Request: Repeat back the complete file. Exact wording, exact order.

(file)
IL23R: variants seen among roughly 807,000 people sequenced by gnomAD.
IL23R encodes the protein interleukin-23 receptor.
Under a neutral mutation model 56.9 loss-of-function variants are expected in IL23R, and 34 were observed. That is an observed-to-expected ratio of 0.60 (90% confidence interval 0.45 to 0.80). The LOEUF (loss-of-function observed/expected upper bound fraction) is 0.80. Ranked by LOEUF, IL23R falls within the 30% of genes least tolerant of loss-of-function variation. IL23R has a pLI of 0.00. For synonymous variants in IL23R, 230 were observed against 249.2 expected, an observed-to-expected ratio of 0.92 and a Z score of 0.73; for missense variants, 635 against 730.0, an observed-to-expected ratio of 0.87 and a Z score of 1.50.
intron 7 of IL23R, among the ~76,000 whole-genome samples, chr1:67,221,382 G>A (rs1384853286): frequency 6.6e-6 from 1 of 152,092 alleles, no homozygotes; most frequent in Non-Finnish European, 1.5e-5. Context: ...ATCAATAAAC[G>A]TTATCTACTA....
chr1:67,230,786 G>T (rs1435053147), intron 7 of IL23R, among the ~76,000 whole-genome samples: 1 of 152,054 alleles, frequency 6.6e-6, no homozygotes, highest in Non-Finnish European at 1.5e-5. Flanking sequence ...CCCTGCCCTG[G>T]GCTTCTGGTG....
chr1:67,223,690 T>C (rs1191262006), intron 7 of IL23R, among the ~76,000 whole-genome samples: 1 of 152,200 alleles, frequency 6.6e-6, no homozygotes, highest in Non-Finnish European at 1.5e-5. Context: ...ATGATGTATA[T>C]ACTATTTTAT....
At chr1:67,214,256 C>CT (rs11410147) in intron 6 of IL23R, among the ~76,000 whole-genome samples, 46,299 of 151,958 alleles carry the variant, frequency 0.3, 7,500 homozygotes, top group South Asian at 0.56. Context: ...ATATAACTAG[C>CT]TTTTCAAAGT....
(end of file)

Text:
IL23R: variants seen among roughly 807,000 people sequenced by gnomAD.
IL23R encodes the protein interleukin-23 receptor.
Under a neutral mutation model 56.9 loss-of-function variants are expected in IL23R, and 34 were observed. That is an observed-to-expected ratio of 0.60 (90% confidence interval 0.45 to 0.80). The LOEUF (loss-of-function observed/expected upper bound fraction) is 0.80. Ranked by LOEUF, IL23R falls within the 30% of genes least tolerant of loss-of-function variation. IL23R has a pLI of 0.00. For synonymous variants in IL23R, 230 were observed against 249.2 expected, an observed-to-expected ratio of 0.92 and a Z score of 0.73; for missense variants, 635 against 730.0, an observed-to-expected ratio of 0.87 and a Z score of 1.50.
intron 7 of IL23R, among the ~76,000 whole-genome samples, chr1:67,221,382 G>A (rs1384853286): frequency 6.6e-6 from 1 of 152,092 alleles, no homozygotes; most frequent in Non-Finnish European, 1.5e-5. Context: ...ATCAATAAAC[G>A]TTATCTACTA....
chr1:67,230,786 G>T (rs1435053147), intron 7 of IL23R, among the ~76,000 whole-genome samples: 1 of 152,054 alleles, frequency 6.6e-6, no homozygotes, highest in Non-Finnish European at 1.5e-5. Flanking sequence ...CCCTGCCCTG[G>T]GCTTCTGGTG....
chr1:67,223,690 T>C (rs1191262006), intron 7 of IL23R, among the ~76,000 whole-genome samples: 1 of 152,200 alleles, frequency 6.6e-6, no homozygotes, highest in Non-Finnish European at 1.5e-5. Context: ...ATGATGTATA[T>C]ACTATTTTAT....
At chr1:67,214,256 C>CT (rs11410147) in intron 6 of IL23R, among the ~76,000 whole-genome samples, 46,299 of 151,958 alleles carry the variant, frequency 0.3, 7,500 homozygotes, top group South Asian at 0.56. Context: ...ATATAACTAG[C>CT]TTTTCAAAGT....